History of the Restoration Movement

James Challen



FEW preachers among the Disciples are better known than the subject of this sketch. Early in the beginning of the current Reformation, he became identified with its fortunes, and has remained a firm and consistent advocate of its principles till the present time. Although considerably advanced in years, he has not laid aside the armor, but is still preaching, with great acceptance to the Church, at Davenport, Iowa.

JAMES CHALLEN was born in Hackensack, New Jersey, January 7, 1802. His parents were from England, and emigrated to this country soon after the War of Independence. His father was a Methodist, and his mother a Baptist, and this led him to examine the Word of God for himself. The result of this examination was the acceptance of the religious position which he now occupies, and in defense of which he has given the greater part of his life.

He confessed the Savior, and was immersed under the ministry of Dr. JAMES FISHBACK, of Lexington, Kentucky, on the 18th day of January, 1823, and united with the Baptist Church, of which Dr. FISHBACK was pastor. He soon commenced preaching, but, feeling the necessity of a more thorough preparation for the work of the ministry, he entered Transylvania University, with the view to obtain a first-class education. While in the junior class of that institution, he was called to the charge of the Enon Baptist Church, Cincinnati, Ohio, which he accepted, and entered at once upon the duties of his new position. He remained with this church till the Sycamore-street Church was formed. This last was composed principally of members who had been brought in under his personal ministry; consequently were well instructed in the simple truths of Christianity, and fully prepared to "take their stand on the Bible, and the Bible alone."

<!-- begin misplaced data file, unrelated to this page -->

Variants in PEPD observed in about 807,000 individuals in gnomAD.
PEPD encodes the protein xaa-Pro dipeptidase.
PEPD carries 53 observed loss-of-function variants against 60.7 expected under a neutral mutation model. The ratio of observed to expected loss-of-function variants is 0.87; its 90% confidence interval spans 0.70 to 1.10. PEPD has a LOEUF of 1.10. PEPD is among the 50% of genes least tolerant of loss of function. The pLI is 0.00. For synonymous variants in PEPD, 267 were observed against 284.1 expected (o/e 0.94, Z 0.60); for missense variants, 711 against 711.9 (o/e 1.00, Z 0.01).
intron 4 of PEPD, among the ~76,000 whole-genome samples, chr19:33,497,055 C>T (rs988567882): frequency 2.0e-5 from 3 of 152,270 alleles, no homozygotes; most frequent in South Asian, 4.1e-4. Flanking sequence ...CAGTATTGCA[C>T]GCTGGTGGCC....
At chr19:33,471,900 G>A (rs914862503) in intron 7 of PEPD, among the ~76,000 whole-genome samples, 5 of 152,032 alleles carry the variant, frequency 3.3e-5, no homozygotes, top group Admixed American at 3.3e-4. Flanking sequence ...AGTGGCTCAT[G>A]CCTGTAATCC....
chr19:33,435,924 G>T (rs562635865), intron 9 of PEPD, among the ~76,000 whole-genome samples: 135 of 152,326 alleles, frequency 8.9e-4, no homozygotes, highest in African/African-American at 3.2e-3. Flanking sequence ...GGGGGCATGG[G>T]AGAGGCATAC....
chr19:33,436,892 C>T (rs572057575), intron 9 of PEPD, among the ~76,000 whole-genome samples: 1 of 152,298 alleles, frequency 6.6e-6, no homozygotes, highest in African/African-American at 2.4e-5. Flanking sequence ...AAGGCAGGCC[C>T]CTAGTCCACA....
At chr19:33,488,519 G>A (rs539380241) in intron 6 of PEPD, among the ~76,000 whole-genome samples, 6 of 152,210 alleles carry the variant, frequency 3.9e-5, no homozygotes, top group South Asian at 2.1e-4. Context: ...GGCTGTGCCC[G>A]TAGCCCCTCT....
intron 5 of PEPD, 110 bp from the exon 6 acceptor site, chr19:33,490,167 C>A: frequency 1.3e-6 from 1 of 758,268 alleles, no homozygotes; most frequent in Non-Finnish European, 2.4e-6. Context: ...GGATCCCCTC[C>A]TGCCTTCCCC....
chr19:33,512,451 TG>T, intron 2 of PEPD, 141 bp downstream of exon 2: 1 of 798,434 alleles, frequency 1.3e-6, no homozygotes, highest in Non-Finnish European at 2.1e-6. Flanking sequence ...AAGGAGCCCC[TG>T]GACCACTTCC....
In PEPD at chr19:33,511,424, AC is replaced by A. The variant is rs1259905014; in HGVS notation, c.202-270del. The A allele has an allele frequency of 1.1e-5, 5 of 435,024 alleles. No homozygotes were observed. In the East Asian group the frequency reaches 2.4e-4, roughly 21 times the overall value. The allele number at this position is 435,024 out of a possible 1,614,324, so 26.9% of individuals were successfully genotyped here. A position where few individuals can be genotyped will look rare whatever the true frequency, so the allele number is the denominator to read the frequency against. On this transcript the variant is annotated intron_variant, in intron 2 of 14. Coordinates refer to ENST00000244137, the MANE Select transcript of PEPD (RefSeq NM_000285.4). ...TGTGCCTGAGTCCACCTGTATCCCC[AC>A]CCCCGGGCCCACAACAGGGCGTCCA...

He was immediately elected pastor of the new church, in which position he was instrumental in establishing firmly the "Ancient Gospel" in the Queen City. In 1834, he removed to Lexington, Kentucky, where he organized the church which exists there at present. He remained at this point for several years, meeting with encouraging success in the proclamation of the Word.

In 1850 he took charge of the church in Philadelphia, and spent about eight years in that city. In 1860 he removed to Davenport, Iowa, where he has remained ever since.

Brother CHALLEN is of small stature, but has a tough, wiry frame, which is capable of great endurance. He has a high, commanding forehead, small, sharp, penetrating eye, and a mouth that indicates decision and firmness of character. As a speaker, he is pleasing and instructive; sometimes, forcible and eloquent. He has great compass of voice, and always speaks with considerable animation.

His literary attainments are quite respectable, having, for many years past, made the best English authors his constant companions. But he has not pursued this branch of study to the neglect of his ministerial labors--he has found it the best way to prepare himself for his life-work.

He writes rapidly, and with great ease. Besides being a regular contributor to the periodical press of the Disciples, he has written a number of useful works, some of which have had considerable circulation. Of these, we mention "The Gospel and its Elements," "Christian Evidences," "Baptism in Spirit and in Fire," "Frank Elliot," and "Christian Morals." He has also written two volumes of poetry: "The Cave of Machpelah and other Poems," and "Igdrasil, or the Tree of Existence;" and edited "Challen's Juvenile Library," numbering forty-one volumes. For several years he published a monthly, called "The Ladies' Christian Annual," and the "Gem," a neat and well-conducted Sunday-school paper. His writings all breathe a deeply-earnest Christian spirit, and leave little doubt in the mind of the reader concerning the religious position of their author.

-Biographies And Sermons Of Pioneer Preachers, ed. B.C. Goodpasture and W.T. Moore, Pages131-136

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